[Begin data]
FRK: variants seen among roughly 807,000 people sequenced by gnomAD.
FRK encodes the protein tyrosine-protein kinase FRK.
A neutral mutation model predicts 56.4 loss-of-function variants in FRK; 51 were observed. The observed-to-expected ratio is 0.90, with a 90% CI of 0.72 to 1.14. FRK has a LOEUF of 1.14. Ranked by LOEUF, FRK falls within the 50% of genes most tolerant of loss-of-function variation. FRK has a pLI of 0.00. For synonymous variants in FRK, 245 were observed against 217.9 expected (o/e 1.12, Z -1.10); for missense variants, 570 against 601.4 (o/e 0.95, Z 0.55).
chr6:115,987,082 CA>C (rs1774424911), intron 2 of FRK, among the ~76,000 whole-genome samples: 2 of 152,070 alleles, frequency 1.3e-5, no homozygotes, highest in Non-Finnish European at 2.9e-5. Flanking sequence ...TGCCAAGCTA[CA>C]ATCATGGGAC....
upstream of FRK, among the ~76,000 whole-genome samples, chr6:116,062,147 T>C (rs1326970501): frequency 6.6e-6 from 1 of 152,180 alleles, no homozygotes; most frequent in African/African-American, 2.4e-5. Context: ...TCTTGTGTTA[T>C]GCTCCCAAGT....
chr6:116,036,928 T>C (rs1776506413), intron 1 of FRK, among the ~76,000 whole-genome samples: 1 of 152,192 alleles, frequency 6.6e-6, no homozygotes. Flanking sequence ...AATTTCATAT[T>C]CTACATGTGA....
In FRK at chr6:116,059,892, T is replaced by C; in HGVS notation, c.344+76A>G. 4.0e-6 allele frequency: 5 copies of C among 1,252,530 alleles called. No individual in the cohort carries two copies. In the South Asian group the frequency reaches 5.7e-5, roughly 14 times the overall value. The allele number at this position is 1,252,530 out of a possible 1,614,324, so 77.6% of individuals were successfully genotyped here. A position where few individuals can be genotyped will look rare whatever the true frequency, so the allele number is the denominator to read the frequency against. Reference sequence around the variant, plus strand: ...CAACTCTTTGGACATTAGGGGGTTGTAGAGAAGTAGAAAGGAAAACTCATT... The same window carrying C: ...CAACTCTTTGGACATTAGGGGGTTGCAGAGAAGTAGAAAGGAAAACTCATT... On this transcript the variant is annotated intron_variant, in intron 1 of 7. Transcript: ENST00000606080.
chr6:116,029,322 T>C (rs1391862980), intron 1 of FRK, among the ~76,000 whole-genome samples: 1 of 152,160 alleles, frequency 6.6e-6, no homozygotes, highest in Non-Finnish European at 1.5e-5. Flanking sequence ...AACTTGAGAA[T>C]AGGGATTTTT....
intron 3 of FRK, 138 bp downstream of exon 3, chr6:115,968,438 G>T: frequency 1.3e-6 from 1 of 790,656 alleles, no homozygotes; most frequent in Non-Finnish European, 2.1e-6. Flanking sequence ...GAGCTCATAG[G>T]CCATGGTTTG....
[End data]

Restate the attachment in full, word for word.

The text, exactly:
FRK: variants seen among roughly 807,000 people sequenced by gnomAD.
FRK encodes the protein tyrosine-protein kinase FRK.
A neutral mutation model predicts 56.4 loss-of-function variants in FRK; 51 were observed. The observed-to-expected ratio is 0.90, with a 90% CI of 0.72 to 1.14. FRK has a LOEUF of 1.14. Ranked by LOEUF, FRK falls within the 50% of genes most tolerant of loss-of-function variation. FRK has a pLI of 0.00. For synonymous variants in FRK, 245 were observed against 217.9 expected (o/e 1.12, Z -1.10); for missense variants, 570 against 601.4 (o/e 0.95, Z 0.55).
chr6:115,987,082 CA>C (rs1774424911), intron 2 of FRK, among the ~76,000 whole-genome samples: 2 of 152,070 alleles, frequency 1.3e-5, no homozygotes, highest in Non-Finnish European at 2.9e-5. Flanking sequence ...TGCCAAGCTA[CA>C]ATCATGGGAC....
upstream of FRK, among the ~76,000 whole-genome samples, chr6:116,062,147 T>C (rs1326970501): frequency 6.6e-6 from 1 of 152,180 alleles, no homozygotes; most frequent in African/African-American, 2.4e-5. Context: ...TCTTGTGTTA[T>C]GCTCCCAAGT....
chr6:116,036,928 T>C (rs1776506413), intron 1 of FRK, among the ~76,000 whole-genome samples: 1 of 152,192 alleles, frequency 6.6e-6, no homozygotes. Flanking sequence ...AATTTCATAT[T>C]CTACATGTGA....
In FRK at chr6:116,059,892, T is replaced by C; in HGVS notation, c.344+76A>G. 4.0e-6 allele frequency: 5 copies of C among 1,252,530 alleles called. No individual in the cohort carries two copies. In the South Asian group the frequency reaches 5.7e-5, roughly 14 times the overall value. The allele number at this position is 1,252,530 out of a possible 1,614,324, so 77.6% of individuals were successfully genotyped here. A position where few individuals can be genotyped will look rare whatever the true frequency, so the allele number is the denominator to read the frequency against. Reference sequence around the variant, plus strand: ...CAACTCTTTGGACATTAGGGGGTTGTAGAGAAGTAGAAAGGAAAACTCATT... The same window carrying C: ...CAACTCTTTGGACATTAGGGGGTTGCAGAGAAGTAGAAAGGAAAACTCATT... On this transcript the variant is annotated intron_variant, in intron 1 of 7. Transcript: ENST00000606080.
chr6:116,029,322 T>C (rs1391862980), intron 1 of FRK, among the ~76,000 whole-genome samples: 1 of 152,160 alleles, frequency 6.6e-6, no homozygotes, highest in Non-Finnish European at 1.5e-5. Flanking sequence ...AACTTGAGAA[T>C]AGGGATTTTT....
intron 3 of FRK, 138 bp downstream of exon 3, chr6:115,968,438 G>T: frequency 1.3e-6 from 1 of 790,656 alleles, no homozygotes; most frequent in Non-Finnish European, 2.1e-6. Flanking sequence ...GAGCTCATAG[G>T]CCATGGTTTG....